In a way I find it natural that this has happened at CERN. Our laboratory is a place that celebrates diversity and is totally open to all differences, not just sex but also age, ethnicity, religion and other traditions. The current president of the board is Polish scientist Angieszka Zalewska.

Are you worried about the challenges awaiting you?
I have a lot to learn, but a lot of new energy too.

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In Argentina, A Visit To World's Highest Solar Energy Park

With loans and solar panels from China, the massive solar park has been opened a year and is already powering the surrounding areas. Now the Chinese supplier is pushing for an expansion.

960,000 solar panels have been installed at the Cauchari park

Silvia Naishtat

CAUCHARI — Driving across the border with Chile into the northwest Argentine department of Susques, you may spot what looks like a black mass in the distance. Arriving at a 4,000-meter altitude in the municipality of Cauchari, what comes into view instead is an assembly of 960,000 solar panels. It is the world's highest photovoltaic (PV) park, which is also the second biggest solar energy facility in Latin America, after Mexico's Aguascalientes plant.

Spread over 800 hectares in an arid landscape, the Cauchari park has been operating for a year, and has so far turned sunshine into 315 megawatts of electricity, enough to power the local provincial capital of Jujuy through the national grid.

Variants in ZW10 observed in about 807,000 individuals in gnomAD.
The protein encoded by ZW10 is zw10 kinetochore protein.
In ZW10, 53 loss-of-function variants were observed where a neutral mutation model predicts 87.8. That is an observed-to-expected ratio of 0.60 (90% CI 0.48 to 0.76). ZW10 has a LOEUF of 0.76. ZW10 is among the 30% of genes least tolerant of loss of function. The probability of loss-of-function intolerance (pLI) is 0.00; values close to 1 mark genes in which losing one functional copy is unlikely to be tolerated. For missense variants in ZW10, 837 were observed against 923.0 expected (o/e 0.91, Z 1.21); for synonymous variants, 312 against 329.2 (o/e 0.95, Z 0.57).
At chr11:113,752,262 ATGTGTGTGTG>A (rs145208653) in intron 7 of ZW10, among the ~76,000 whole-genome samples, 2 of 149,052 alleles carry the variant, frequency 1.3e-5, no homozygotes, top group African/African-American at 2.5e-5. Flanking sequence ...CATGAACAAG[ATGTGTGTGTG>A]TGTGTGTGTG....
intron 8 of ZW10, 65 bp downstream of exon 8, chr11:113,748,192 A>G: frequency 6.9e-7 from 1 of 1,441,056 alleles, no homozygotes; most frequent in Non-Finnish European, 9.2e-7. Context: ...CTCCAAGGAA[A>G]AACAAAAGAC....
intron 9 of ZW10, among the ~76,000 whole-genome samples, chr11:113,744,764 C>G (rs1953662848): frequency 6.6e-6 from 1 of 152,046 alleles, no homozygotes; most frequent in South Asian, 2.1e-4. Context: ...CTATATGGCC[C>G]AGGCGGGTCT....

It has also generated some $50 million for the province, which Governor Gerardo Morales has allocated to building 239 schools.

Abundant sunshine, low temperatures

The physicist Martín Albornoz says Cauchari, which means "link to the sun," is exposed to the best solar radiation anywhere. The area has 260 days of sunshine, with no smog and relatively low temperatures, which helps keep the panels in optimal conditions.

Its construction began with a loan of more than $331 million from China's Eximbank, which allowed the purchase of panels made in Shanghai. They arrived in Buenos Aires in 2,500 containers and were later trucked a considerable distance to the site in Cauchari . This was a titanic project that required 1,200 builders and 10-ton cranes, but will save some 780,000 tons of CO2 emissions a year.

It is now run by 60 technicians. Its panels, with a 25-year guarantee, follow the sun's path and are cleaned twice a year. The plant is expected to have a service life of 40 years. Its choice of location was based on power lines traced in the 1990s to export power to Chile, now fed by the park.

Chinese engineers working in an office at the Cauchari park


Chinese want to expand

The plant belongs to the public-sector firm Jemse (Jujuy Energía y Minería), created in 2011 by the province's then governor Eduardo Fellner. Jemse's president, Felipe Albornoz, says that once Chinese credits are repaid in 20 years, Cauchari will earn the province $600 million.

The Argentine Energy ministry must now decide on the park's proposed expansion. The Chinese would pay in $200 million, which will help install 400,000 additional panels and generate enough power for the entire province of Jujuy.

The park's CEO, Guillermo Hoerth, observes that state policies are key to turning Jujuy into a green province. "We must change the production model. The world is rapidly cutting fossil fuel emissions. This is a great opportunity," Hoerth says.

The province's energy chief, Mario Pizarro, says in turn that Susques and three other provincial districts are already self-sufficient with clean energy, and three other districts would soon follow.